This week’s Russian word cloud shows some new trends and stories that differ from those of the previous week, though there have been few dramatic shifts in coverage. The most striking new story to emerge here appears to be that of Colonel Yuri Budanov (Полковник Юрий Буданов), who was murdered while awaiting trial for the rape and murder of a young girl in Chechnya. This story accounts for several of the increased frequency words that emerge in this week’s word cloud – a pattern also separately visible across all major media segments except for official government sources. On closer inspection, some other stories have acquired new or renewed attention in particular media segments, with coverage of Ukraine and Mikhail Khodorkovsky featuring prominently in popular blogs and television media respectively.
Words in four prominent media segments (popular blogs, mainstream media, government, television) during the week starting 2011-06-05 (Blue) versus during the week starting 2011-06-12 (Red):
The word cloud above, comparing a combined set of main media sources from June 12th through June 18th 2011 (red) with the same set of sources over the previous week, June 5th through June 11th 2011 (blue), shows several new stories emerging (blue), but none of these are at as high a word frequency as the major words in purple (mentioned frequently both weeks) or even as the major words from the previous week (in red). The cloud compares the combined sets of popular blogs, mainstream media sources, government media content, and television media content across the two weeks.
Some of the newly prominent words do not appear to represent any major new stories –ubiquitous names and financial terms likely appear as top words only because of a relative decline in other major stories with more uncommon terms.
The overall cosine similarity across the four media segments in Media Cloud between the week of June 05-11 and June 12-18 is 0.905, demonstrating a fairly high level of similarity between the two weeks. This level of variation is not constant across all media forms, however. We see some dissimilarities in the patterns of change within distinct media sources.
Government sources here seem to have shown the most significant changes in topical foci between the two weeks, with TV and mainstream media showing the second greatest amounts of change, both showing lower cosine similarity scores than that between popular blogs during this period. This is interesting, as it indicates that the blogosphere’s topical foci have remained relatively constant while some new topics have been introduced to (or have disappeared from) the mainstream media, TV, and government sources.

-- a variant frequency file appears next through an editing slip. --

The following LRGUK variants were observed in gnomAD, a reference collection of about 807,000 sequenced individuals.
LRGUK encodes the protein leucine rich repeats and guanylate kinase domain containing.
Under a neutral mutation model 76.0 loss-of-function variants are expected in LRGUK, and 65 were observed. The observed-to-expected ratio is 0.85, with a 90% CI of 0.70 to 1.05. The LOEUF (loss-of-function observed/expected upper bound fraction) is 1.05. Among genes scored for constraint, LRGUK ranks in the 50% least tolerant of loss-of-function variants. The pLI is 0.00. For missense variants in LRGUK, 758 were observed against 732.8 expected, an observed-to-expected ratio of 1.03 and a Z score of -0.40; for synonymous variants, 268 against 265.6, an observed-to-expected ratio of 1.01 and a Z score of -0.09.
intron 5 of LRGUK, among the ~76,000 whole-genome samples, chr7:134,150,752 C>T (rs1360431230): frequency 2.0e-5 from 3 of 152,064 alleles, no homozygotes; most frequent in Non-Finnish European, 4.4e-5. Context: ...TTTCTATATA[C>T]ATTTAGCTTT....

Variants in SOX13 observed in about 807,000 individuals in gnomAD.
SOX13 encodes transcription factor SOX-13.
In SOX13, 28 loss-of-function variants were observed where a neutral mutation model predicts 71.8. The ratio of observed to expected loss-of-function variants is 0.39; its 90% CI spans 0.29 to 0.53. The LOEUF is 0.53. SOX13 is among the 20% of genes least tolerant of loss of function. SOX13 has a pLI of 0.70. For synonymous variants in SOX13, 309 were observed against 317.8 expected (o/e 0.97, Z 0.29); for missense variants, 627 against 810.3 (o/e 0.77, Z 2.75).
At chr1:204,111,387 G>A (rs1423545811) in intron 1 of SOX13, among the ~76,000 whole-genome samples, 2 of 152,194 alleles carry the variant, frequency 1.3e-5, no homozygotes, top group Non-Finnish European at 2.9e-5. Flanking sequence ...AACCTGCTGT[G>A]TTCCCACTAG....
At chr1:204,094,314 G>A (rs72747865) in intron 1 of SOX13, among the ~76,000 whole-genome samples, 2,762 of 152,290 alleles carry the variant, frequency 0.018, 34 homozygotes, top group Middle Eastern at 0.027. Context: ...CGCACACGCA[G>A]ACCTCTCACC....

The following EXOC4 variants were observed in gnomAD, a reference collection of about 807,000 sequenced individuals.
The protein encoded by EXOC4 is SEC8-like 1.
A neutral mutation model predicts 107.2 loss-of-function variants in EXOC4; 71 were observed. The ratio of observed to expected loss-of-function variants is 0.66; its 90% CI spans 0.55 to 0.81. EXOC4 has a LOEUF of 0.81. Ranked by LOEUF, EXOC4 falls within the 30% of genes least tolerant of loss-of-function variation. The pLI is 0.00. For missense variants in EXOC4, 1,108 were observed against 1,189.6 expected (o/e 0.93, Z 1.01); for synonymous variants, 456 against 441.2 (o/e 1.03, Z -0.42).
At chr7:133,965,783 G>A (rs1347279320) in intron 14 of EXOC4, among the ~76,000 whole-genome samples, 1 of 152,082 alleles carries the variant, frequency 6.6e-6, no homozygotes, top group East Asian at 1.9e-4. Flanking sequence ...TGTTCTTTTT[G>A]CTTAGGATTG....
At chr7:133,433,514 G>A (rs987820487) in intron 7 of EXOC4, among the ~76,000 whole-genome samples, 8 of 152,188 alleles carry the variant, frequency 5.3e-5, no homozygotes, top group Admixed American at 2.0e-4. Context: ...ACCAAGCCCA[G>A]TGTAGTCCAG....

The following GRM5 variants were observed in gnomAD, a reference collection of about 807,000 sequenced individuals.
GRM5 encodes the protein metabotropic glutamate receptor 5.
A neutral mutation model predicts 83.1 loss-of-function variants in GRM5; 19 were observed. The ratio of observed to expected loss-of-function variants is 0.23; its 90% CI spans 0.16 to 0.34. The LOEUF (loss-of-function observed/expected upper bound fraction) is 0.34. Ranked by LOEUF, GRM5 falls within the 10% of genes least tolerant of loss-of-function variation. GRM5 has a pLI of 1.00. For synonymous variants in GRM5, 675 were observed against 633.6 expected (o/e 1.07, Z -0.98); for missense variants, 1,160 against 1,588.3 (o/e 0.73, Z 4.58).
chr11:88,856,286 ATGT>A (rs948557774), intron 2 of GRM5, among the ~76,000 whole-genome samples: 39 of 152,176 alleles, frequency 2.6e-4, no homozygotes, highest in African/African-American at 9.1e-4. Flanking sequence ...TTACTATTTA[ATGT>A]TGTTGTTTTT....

In terms of coverage of key stories, it appears that there is substantial difference between the topics receiving greatest attention across the different media segments. Most of this variation has been consistent over the last week and does not mark a dramatic shift because of the variation in coverage of a suddenly emerging pivotal story.
As we can see here, there has in fact been a modest convergence in the similarity of different news sources in the last week. That notwithstanding, however, the differences across segments are striking. The following word cloud shows the comparison between the content of popular blogs versus government media outlets during the June 12th-18th period.
Words in Popular Blogs (Blue) during the week starting 2011-06-12 versus words in Government media sources (Red) during the same week:
Here we see that coverage of war, other countries (including the US and Ukraine), Moscow, words related to the internet, politics, and the Budanov murder (colonel, Budanov, murder) all receive more attention in the popular blogs, whereas words related to economics (budget, financial), governance (regional, municipal, federal, law), citizenship (self-governance, participation, citizen) feature prominently in the government media sources.
The extremely low cosine similarity value between popular blogs and government sources is consistent with tendencies noted in previous blog posts. Perhaps more surprising is the fact that TV media sources appear even more dissimilar from government sources, with these two media segments showing the lowest cosine similarity for the week at 0.318.
Words in TV (Blue) during the week starting 2011-06-12 versus words in Government media sources (Red) during the same week:
Here the high frequency words from TV (blue) show significant difference from those appearing frequently in government sources (red) with very little overlap (purple) in high frequency words. While this does not definitively indicate a lack of similarity in coverage (or lack of coverage) of some topics, it certainly appears to indicate that there is a fair degree of dissimilarity in the topics that are covered. In addition to the TV coverage of the Budanov murder (which did not receive frequent mention in government sources), the TV sources for the week included more prominent discussion of Khodorkovsky, war, other countries (including Europe), and cultural items such as film and festivals.
As these last couple examples indicate, some of this dissimilarity here could have to do with non-news content in the TV news feed (or at least a broader definition of news to include things not addressed by government media sources); but, as demonstrated by the other examples of non-overlapping frequent words, it appears there also is some substantial difference in the primary news content.